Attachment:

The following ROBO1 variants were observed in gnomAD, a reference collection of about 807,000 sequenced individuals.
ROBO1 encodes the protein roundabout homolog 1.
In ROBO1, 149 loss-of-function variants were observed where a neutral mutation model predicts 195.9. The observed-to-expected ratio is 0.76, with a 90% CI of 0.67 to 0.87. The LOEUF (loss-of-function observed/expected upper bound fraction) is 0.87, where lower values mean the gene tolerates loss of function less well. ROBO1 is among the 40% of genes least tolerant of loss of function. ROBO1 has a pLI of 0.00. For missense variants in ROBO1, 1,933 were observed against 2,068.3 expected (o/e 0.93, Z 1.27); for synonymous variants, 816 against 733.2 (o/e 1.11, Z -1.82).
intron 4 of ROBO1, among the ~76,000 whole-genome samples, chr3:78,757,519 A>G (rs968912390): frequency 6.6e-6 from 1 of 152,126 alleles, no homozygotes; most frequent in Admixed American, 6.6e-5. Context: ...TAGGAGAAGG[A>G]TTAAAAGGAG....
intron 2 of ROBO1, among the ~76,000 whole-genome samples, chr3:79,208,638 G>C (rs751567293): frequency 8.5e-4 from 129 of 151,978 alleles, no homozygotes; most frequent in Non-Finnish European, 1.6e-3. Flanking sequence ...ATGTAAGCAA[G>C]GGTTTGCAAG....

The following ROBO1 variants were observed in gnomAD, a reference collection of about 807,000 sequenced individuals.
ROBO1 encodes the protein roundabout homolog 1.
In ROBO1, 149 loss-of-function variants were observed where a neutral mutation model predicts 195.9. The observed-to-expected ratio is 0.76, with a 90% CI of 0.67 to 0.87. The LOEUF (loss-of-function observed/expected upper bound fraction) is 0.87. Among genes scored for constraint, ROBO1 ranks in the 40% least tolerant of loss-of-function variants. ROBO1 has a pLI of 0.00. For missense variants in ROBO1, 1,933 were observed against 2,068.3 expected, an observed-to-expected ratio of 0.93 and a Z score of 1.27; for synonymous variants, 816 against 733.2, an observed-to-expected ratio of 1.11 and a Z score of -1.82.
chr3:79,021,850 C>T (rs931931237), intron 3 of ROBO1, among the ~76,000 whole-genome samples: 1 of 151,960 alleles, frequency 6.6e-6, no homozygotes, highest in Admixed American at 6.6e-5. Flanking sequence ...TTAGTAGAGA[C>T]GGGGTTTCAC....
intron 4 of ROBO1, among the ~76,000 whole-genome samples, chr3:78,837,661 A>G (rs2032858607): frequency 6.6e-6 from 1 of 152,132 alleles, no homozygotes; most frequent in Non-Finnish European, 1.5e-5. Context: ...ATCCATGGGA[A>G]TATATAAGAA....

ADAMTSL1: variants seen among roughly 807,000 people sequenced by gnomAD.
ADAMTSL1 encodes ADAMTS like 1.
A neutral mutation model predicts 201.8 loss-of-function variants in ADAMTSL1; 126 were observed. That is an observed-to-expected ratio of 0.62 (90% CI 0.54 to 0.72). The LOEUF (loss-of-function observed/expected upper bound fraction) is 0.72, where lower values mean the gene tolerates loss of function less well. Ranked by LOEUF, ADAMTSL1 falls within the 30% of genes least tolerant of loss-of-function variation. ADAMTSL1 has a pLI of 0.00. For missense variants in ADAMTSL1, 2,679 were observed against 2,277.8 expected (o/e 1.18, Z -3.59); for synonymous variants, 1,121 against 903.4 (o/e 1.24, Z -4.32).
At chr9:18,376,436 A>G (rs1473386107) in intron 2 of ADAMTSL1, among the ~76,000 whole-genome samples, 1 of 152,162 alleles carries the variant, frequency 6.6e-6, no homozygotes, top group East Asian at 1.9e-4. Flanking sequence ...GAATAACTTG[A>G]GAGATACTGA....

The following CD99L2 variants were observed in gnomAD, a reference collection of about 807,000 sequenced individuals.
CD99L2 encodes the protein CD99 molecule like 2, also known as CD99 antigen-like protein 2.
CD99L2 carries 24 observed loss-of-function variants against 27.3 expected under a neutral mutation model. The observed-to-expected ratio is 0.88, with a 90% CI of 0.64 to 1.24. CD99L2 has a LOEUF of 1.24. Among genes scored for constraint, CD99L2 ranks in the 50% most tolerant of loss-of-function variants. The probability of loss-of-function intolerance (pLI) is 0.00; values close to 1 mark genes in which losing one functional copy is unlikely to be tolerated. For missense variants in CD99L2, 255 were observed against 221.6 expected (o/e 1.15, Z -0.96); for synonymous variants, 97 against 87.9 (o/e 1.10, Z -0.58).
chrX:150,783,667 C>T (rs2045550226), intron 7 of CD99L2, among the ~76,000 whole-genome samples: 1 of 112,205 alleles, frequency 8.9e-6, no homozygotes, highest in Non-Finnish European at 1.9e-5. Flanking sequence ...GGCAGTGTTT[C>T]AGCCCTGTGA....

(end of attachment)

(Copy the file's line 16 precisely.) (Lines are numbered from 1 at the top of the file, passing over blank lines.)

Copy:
CD99L2 encodes the protein CD99 molecule like 2, also known as CD99 antigen-like protein 2.